As a film, the plot is weak, and there is a very uneven balance between the broad “My Lucky Stars” style comedy of “Asprin”, “Panadol” and “Strepsil”, and the hard-boiled fights and shootouts with the cops and robbers. Sammo Hung and Richard Ng’s cameo appearance is also at odds, with a rather sexist scene that could have come straight out of “Twinkle Twinkle Lucky Stars”. Our “Three Stooges” however, are quite fun in their roles.

James Tien is great as the arrogant gangster boss, and Dick Wei always looks deadly. Michelle Yeoh is convincing as an authority figure in a man’s world, and is very ably supported in this by Cynthia Rothrock.

The action, of course, is where this film makes up for any short-comings. The fights are fast and frenetic, well choreographed and feature the tightest of timing so every near-miss or direct hit looks genuine. It is interesting to note that this film was released in Hong Kong a month before Jackie Chan’s “Police Story”. There are occasional similarities, including the use of plenty of glass for stuntmen to land on in the finale!

The success of this film resulted in several sequels and spin-offs. Have a look at the Trivia below for the rather confusing issue with the names of them!

“Police Assassins/Yes Madam” was a springboard for the careers of Cynthia Rothrock and Michelle Yeoh, who went on to even greater success in films such as “Royal Warriors”, “Righting Wrongs”, “Inspector Wears Skirts”, “Police Story 3: Supercop”, “China O’Brien”, and many, many more.

Although still active in the industry today, this film is always worth checking out to see two of cinema’s best female action stars at the start of their illustrious careers!

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  • “Inspector Morris” was originally written as a male lead. The producers were so impressed by Cynthia Rothrock’s martial arts skills, that they turned the role into a female cop.
  • Yeoh had previously played small roles in Sammo Hung’s film “Owl vs. Bumbo” (1985) and “Twinkle Twinkle Lucky Stars” (1985). For her role as “Inspector Ng”, Yeoh insisted on performing her own stunts, and worked out in a gym for eight hours a day in preparation!
  • Michelle Yeoh was originally credited as Michelle Khan.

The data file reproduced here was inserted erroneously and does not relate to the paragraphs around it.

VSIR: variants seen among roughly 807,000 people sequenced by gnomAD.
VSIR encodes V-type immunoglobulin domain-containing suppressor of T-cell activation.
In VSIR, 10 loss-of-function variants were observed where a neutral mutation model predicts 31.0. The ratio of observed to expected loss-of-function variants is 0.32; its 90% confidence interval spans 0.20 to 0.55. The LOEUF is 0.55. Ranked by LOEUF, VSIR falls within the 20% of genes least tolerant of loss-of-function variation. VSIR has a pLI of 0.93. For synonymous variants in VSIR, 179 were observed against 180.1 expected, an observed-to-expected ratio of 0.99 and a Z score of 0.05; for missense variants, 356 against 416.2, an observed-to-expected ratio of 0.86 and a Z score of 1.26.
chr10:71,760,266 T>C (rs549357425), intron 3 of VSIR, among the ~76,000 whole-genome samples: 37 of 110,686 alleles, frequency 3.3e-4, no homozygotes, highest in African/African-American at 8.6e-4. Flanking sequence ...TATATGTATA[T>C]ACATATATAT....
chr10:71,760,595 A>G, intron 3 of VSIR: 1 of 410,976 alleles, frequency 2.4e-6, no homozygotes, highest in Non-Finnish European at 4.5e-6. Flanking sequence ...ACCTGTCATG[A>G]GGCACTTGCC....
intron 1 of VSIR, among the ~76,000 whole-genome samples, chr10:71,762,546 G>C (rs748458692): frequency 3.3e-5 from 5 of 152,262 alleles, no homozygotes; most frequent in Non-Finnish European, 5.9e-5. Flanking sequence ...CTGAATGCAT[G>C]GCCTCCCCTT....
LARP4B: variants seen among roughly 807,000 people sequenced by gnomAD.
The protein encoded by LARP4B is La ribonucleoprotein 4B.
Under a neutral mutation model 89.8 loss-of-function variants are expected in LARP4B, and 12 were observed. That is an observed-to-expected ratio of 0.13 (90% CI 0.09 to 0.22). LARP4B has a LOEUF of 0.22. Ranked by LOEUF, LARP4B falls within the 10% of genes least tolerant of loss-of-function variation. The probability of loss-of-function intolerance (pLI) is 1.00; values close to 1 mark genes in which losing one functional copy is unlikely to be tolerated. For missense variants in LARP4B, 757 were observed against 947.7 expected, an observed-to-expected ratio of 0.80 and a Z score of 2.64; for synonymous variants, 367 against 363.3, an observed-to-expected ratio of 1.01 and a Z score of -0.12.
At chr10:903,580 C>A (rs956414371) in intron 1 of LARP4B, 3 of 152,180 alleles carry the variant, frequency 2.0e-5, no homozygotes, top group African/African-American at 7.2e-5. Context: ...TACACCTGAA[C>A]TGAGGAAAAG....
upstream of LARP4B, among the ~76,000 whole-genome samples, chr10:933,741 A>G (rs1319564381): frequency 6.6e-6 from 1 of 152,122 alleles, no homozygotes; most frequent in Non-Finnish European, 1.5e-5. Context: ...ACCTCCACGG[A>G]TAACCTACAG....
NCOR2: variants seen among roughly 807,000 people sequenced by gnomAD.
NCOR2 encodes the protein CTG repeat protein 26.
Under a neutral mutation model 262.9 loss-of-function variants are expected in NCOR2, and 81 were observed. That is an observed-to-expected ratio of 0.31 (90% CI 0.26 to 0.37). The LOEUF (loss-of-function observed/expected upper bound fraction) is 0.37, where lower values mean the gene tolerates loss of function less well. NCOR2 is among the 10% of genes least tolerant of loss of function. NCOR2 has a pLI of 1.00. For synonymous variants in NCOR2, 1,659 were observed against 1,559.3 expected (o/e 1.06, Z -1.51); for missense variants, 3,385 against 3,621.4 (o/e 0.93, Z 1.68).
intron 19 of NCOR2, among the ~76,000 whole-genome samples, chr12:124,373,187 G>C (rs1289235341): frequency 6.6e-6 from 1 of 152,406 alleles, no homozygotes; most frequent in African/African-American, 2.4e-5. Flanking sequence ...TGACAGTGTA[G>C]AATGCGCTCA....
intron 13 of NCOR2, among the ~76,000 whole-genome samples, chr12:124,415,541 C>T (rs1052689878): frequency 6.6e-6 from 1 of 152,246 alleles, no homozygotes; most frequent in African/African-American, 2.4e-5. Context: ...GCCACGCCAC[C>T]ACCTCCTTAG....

• At the 5th Hong Kong Film Awards in 1986, Mang Hoi received the award for Best Supporting Actor. Michelle Yeoh was nominated for Best New Performer and Corey Yuen and Mang Hoi were nominated for Best Action Choreography.
  • During the filming of a fight scene, Dick Wei kicked Cynthia Rothrock so hard in the side of the head that she began bleeding from her ear. At the hospital, a torn inner ear was diagnosed, but Rothrock immediately returned to filming!
  • Originally released as “Yes Madam”, this was followed up with the similarly themed “Royal Warriors”. “Royal Warriors” was originally re-titled “Police Assassins” on VHS in the UK, with “Yes Madam” subsequently packaged as a sequel, and becoming “Police Assassins 2”. In other territories, they were called “In the Line of Duty 1 & 2”. The success of these led to “In the Line of Duty 3”, which introduced Yeung Lai-Ching, credited as ‘Cynthia Khan’ to link her to Michelle Yeoh/Khan. To cash in on the success of “Tiger Cage”, Donnie Yen starred with Cynthia Khan in “In the Line of Duty 4”. When “Yes Madam” made it to DVD on the Hong Kong Legends (HKL) label, it was released as “Police Assassins”, and similarly, “In the Line of Duty 4” was released as “In the Line of Duty”. Did you keep up with all of that?!

Film Rating: 7.5/10

Glen Stanway

Influenced by the movies of Bruce Lee and Jackie Chan, Glen began training in martial arts and gymnastics in 1995. He made his first of many visits to Malaysia and Singapore in 1998 to learn Chin Woo kung fu under the supervision of Master Teng Wie Yoo. Glen is the author of "The Art of Coaching" and "Fearless The Story of Chin Woo Kung Fu", and runs a kung fu & kickboxing school in Hertfordshire, England.